Migrants seeking asylum in U.S. may have to wait for months in Mexico

Migrants seeking asylum wait in Mexico

Tijuana, Mexico — The secretary of Homeland Security says the Trump administration is responding to the immigration crisis like it's a "Cat 5 hurricane disaster." Kirstjen Nielsen said that includes possibly shutting down the southern border, or sending in troops to stop a surge of migrants seeking asylum.

The administration has implemented what's known as the "Remain in Mexico" program, which means migrants seeking asylum in the U.S. are being told to wait in Mexico. 

Among them are 19-year-old Angel and 29-year-old Jose, who are from Honduras and living in a church in Mexico with more than 40 other men, women and children. Their attorney asked CBS News to change their names to protect their identity. 

Angel said that back in Honduras, he was the target of local gangs. He showed CBS News police reports alleging they were under threat. Jose asked how can he return to his home country when his life is at risk. 

But he said he's not safe in Tijuana, either. It's one of the most dangerous cities in the Western Hemisphere and more violent than any city in Guatemala, Honduras or El Salvador. Tijuana had more than 2,000 murders last year. Last year, two young Honduran migrants were murdered here after leaving a shelter.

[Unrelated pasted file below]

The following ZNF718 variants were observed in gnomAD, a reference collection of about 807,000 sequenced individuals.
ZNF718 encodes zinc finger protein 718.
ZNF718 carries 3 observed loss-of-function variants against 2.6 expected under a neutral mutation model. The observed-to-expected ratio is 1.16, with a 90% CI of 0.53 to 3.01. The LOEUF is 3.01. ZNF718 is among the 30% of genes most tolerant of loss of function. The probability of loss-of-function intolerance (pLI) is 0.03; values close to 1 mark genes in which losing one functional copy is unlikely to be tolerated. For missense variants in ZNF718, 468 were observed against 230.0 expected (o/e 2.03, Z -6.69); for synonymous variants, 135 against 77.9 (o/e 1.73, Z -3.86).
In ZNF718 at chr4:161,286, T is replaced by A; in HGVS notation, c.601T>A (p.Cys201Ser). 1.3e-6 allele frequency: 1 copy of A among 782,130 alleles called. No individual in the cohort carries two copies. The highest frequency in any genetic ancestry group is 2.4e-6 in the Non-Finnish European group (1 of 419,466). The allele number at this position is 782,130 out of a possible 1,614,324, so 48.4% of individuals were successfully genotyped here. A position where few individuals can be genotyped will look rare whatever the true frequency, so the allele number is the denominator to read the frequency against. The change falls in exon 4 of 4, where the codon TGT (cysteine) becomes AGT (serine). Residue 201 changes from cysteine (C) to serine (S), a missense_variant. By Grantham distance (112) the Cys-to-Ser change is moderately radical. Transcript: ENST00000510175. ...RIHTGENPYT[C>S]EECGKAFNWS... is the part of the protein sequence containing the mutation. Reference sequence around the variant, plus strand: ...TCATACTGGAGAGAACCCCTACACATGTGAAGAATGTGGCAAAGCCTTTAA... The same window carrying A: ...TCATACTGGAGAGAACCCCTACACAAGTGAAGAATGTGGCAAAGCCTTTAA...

Mexican officials said at least 500 migrants, including families, are among the asylum seekers sent back to Mexico.

The Trump administration said they need to expand the "Remain in Mexico" program because of a dramatic surge in the numbers of asylum seekers to the U.S., which they say is overwhelming the system. But the program is the subject of federal litigation. Critics argue it violates international law, denies migrants due process and places them in danger in Mexico. 

Secretary of Homeland Security Nielsen said it's important for another reason.

"They will not be able to disappear into the United States," she said.

But 2017 Justice Department numbers show the majority of these migrants did not disappear. Of the more than 43,000 asylum cases processed last year, almost 90 percent of the applicants showed up to their court hearing. With a backlog of over 800,000 asylum cases now pending in the U.S., Angel and Jose might have to wait in Mexico for months.  

They said they want to come into the U.S. legally. They don't want to climb over any walls. But if not, they'll have to find another way in. 

Angel and Jose's American dream is right across the border, but their legal journey is just beginning.